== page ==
Now make your sauce.
Put 1 1/2 cups water into a saucepan and whisk in 1/4 cup Sweet Rice Flour. Cook until thickened to pudding consistency. If you want a little more sweetness, you can also add some sugar or honey to it. Then just let it sit and cool, whisking occasionally to keep a film from forming on top.

 While your sauce cools, and your cabbage and radish wilt, grate your ginger (my friend has this handy little Japanese ginger grater, that made it so easy... I want one), mince your garlic, and chop your onion (and other veggies if you are using them).

 Once the cabbage is nice and flexible, rinse the salt off. Taste it to see it if tastes too salty to you or not.

 See the nice sweet and salty water at the bottom of the bowl?
 Once your radish is bendable, and your rice flour sauce is cool, add this sweet/salty water to the rice flour sauce. Again, it doesn't really matter how much. Just hold the radishes back, and dump the water in.

 Also mix the ginger, garlic, and onion (and other veggies), and fish sauce or soy sauce into the sauce. For the fish sauce or soy sauce, you really don't need very much. Maybe a couple tablespoons, but you can adjust it to taste. I don't like a fishy flavor, so I don't add much fish sauce. If you're really sensitive to fishy flavors or want to make it vegan, use soy sauce.

 Now for those hot pepper flakes.
 You want to add enough to make the sauce a nice rich red color. But, the more you add, the more spicy it will be, so of course this step is not exact. Just add a tablespoonful at a time until it is nice and red, and then add more if you want it really, really spicy.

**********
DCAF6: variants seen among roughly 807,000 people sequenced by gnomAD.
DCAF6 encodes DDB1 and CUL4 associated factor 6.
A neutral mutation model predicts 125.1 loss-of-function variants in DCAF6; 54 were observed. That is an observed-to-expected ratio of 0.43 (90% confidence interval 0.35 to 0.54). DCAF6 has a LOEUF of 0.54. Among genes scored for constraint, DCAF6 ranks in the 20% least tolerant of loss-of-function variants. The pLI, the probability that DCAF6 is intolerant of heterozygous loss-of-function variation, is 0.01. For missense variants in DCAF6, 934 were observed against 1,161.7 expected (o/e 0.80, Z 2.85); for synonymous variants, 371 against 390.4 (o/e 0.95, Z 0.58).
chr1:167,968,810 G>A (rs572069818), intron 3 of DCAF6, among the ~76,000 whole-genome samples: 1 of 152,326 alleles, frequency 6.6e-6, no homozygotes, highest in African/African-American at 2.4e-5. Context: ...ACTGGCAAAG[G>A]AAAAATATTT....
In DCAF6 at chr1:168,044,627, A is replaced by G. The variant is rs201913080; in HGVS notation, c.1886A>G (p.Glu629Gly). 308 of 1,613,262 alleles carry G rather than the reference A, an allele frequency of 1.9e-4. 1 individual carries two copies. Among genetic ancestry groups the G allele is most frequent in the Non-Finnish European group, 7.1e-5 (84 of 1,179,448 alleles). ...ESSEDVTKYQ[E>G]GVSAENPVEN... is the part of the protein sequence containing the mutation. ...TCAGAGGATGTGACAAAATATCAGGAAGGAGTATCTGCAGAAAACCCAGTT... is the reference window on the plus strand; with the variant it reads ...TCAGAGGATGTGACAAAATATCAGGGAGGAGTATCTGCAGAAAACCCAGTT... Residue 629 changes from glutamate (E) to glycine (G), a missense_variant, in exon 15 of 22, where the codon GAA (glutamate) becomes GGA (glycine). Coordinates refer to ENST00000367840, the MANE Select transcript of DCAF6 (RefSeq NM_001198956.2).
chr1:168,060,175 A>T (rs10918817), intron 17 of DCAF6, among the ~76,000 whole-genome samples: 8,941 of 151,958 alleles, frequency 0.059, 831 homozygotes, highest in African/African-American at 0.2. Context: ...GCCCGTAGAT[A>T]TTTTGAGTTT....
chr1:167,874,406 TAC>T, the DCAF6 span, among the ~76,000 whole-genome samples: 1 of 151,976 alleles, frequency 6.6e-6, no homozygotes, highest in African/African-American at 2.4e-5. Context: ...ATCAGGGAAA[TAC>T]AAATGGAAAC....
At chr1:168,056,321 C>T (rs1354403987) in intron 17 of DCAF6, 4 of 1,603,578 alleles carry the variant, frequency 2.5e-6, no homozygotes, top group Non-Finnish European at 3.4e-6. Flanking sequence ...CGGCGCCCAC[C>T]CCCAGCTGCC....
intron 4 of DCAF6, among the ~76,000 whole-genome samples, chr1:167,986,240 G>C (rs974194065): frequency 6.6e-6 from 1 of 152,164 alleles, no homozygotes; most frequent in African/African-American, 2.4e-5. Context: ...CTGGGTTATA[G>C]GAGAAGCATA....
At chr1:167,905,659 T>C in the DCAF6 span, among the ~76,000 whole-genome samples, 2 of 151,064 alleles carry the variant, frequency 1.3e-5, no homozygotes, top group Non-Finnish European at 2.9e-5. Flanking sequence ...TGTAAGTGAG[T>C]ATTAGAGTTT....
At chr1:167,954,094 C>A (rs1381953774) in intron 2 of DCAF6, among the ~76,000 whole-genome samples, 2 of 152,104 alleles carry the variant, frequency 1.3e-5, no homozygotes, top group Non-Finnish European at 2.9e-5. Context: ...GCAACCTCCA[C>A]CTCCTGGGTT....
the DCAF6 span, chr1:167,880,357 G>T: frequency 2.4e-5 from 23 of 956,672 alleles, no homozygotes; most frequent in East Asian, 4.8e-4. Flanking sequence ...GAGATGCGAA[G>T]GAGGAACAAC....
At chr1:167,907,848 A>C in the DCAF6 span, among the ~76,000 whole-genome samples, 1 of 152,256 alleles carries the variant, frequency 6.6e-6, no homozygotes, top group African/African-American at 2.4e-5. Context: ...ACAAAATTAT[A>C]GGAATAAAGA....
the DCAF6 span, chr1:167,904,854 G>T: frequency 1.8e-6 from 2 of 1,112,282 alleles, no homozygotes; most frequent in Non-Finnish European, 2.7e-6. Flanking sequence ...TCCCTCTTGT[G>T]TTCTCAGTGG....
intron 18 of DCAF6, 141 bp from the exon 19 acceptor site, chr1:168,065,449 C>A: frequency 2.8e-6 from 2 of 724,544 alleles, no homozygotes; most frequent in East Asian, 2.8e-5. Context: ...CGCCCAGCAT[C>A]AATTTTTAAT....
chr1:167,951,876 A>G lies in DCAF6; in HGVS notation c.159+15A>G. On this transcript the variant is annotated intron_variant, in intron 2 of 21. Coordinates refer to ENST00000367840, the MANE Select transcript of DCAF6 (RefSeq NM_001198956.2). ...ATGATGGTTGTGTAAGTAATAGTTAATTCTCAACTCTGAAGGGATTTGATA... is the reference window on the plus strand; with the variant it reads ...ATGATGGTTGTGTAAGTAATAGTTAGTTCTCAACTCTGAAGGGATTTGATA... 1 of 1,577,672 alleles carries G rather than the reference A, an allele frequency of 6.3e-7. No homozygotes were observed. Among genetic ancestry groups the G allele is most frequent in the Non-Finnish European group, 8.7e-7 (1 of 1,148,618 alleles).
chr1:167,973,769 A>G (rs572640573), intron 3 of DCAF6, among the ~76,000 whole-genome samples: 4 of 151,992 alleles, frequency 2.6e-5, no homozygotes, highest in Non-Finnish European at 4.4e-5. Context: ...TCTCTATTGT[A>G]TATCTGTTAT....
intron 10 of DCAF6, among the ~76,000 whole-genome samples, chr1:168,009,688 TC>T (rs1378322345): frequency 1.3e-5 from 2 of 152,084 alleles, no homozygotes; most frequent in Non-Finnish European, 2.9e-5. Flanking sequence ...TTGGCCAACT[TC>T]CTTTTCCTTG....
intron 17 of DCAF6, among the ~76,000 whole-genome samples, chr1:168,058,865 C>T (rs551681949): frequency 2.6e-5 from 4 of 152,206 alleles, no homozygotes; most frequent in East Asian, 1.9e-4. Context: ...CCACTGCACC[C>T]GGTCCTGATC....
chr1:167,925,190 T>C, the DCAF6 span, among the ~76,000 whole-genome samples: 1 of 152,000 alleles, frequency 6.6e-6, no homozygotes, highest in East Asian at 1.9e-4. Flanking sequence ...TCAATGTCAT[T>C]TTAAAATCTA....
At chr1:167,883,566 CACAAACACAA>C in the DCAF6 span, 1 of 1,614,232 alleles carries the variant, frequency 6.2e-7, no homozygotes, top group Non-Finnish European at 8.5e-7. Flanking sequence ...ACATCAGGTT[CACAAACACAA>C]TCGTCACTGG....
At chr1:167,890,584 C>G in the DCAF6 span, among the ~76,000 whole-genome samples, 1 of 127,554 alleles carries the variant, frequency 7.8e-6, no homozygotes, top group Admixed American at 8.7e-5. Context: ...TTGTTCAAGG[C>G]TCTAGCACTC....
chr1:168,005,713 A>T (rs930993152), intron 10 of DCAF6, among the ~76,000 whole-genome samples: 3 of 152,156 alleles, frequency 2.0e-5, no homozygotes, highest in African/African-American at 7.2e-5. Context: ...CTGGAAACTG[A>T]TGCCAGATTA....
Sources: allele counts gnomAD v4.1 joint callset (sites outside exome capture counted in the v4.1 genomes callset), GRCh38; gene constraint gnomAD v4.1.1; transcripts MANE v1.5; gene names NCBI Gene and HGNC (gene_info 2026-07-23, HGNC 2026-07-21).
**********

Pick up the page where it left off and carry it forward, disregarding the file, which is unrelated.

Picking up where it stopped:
Now for the final step. 
Mix the cabbage and radish together and then dump the sauce over it. Mix it with your hands until the cabbage and radish are all well coated with sauce. My friend told me that it is a good idea to wear gloves to do this mixing because your hands might burn later if you don't. I haven't used gloves because I don't have any, and so far I haven't had a problem with burning hands. Maybe because I don't make mine super spicy.

Put the Kimchi into an airtight container and leave it out for several hours or up to a few days to get the fermentation process going, then store it in the fridge. If you'd rather have it fresh (I like it both ways), just put it in the fridge immediately. Either way, as long as you keep it in an airtight container, it should last for weeks in the fridge. Oh, and just so you know, whatever container you use will forever be your kimchi container because it will forever smell like kimchi... forever. I use a large Ziploc plastic container and haven't had any problems with my entire fridge smelling like kimchi, which is also a good thing to try to avoid.

Happy kimchi eating!

1 comment:

  1. Your pictures make it look so good, but I'm still scared of kimchi! I need to get brave and at least taste it. Who knows?

    I was scared of sushi for awhile then forced myself to try it. Don't like it but at least I overcame my fear!